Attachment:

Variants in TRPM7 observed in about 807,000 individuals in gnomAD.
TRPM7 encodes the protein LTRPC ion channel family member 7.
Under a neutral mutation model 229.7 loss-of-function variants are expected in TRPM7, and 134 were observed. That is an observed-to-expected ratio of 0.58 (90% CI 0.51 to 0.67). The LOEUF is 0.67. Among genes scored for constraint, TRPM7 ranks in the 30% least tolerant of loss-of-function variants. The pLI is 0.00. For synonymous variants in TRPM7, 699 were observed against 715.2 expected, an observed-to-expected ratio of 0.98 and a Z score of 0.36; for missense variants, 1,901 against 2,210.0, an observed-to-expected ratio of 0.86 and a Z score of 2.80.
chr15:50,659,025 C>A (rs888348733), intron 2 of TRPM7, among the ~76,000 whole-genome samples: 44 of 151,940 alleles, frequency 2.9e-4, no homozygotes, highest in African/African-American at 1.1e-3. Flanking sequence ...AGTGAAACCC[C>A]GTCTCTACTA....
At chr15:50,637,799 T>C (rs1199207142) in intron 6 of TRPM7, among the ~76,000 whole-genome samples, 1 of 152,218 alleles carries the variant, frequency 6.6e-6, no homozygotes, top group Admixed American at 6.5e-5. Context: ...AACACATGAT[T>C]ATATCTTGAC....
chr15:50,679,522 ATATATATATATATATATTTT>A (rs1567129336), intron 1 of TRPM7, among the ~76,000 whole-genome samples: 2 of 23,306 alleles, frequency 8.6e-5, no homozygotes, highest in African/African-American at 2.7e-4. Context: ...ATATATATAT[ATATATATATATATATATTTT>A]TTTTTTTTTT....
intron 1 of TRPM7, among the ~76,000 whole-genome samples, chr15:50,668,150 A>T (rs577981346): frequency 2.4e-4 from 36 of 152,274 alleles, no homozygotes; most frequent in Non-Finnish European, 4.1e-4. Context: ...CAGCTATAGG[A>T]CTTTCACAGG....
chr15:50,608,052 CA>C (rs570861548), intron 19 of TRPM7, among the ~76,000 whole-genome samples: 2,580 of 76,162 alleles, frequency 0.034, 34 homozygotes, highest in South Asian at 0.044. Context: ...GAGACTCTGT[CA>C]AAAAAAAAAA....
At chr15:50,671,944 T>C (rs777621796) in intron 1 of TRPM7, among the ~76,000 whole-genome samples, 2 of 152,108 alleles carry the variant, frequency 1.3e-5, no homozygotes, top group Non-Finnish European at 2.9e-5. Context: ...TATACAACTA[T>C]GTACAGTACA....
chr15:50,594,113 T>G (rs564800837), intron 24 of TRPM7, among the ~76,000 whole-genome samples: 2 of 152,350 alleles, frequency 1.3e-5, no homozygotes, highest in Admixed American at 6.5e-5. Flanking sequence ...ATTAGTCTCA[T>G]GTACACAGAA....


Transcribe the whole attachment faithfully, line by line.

Variants in TRPM7 observed in about 807,000 individuals in gnomAD.
TRPM7 encodes the protein LTRPC ion channel family member 7.
Under a neutral mutation model 229.7 loss-of-function variants are expected in TRPM7, and 134 were observed. That is an observed-to-expected ratio of 0.58 (90% CI 0.51 to 0.67). The LOEUF is 0.67. Among genes scored for constraint, TRPM7 ranks in the 30% least tolerant of loss-of-function variants. The pLI is 0.00. For synonymous variants in TRPM7, 699 were observed against 715.2 expected, an observed-to-expected ratio of 0.98 and a Z score of 0.36; for missense variants, 1,901 against 2,210.0, an observed-to-expected ratio of 0.86 and a Z score of 2.80.
chr15:50,659,025 C>A (rs888348733), intron 2 of TRPM7, among the ~76,000 whole-genome samples: 44 of 151,940 alleles, frequency 2.9e-4, no homozygotes, highest in African/African-American at 1.1e-3. Flanking sequence ...AGTGAAACCC[C>A]GTCTCTACTA....
At chr15:50,637,799 T>C (rs1199207142) in intron 6 of TRPM7, among the ~76,000 whole-genome samples, 1 of 152,218 alleles carries the variant, frequency 6.6e-6, no homozygotes, top group Admixed American at 6.5e-5. Context: ...AACACATGAT[T>C]ATATCTTGAC....
chr15:50,679,522 ATATATATATATATATATTTT>A (rs1567129336), intron 1 of TRPM7, among the ~76,000 whole-genome samples: 2 of 23,306 alleles, frequency 8.6e-5, no homozygotes, highest in African/African-American at 2.7e-4. Context: ...ATATATATAT[ATATATATATATATATATTTT>A]TTTTTTTTTT....
intron 1 of TRPM7, among the ~76,000 whole-genome samples, chr15:50,668,150 A>T (rs577981346): frequency 2.4e-4 from 36 of 152,274 alleles, no homozygotes; most frequent in Non-Finnish European, 4.1e-4. Context: ...CAGCTATAGG[A>T]CTTTCACAGG....
chr15:50,608,052 CA>C (rs570861548), intron 19 of TRPM7, among the ~76,000 whole-genome samples: 2,580 of 76,162 alleles, frequency 0.034, 34 homozygotes, highest in South Asian at 0.044. Context: ...GAGACTCTGT[CA>C]AAAAAAAAAA....
At chr15:50,671,944 T>C (rs777621796) in intron 1 of TRPM7, among the ~76,000 whole-genome samples, 2 of 152,108 alleles carry the variant, frequency 1.3e-5, no homozygotes, top group Non-Finnish European at 2.9e-5. Context: ...TATACAACTA[T>C]GTACAGTACA....
chr15:50,594,113 T>G (rs564800837), intron 24 of TRPM7, among the ~76,000 whole-genome samples: 2 of 152,350 alleles, frequency 1.3e-5, no homozygotes, highest in Admixed American at 6.5e-5. Flanking sequence ...ATTAGTCTCA[T>G]GTACACAGAA....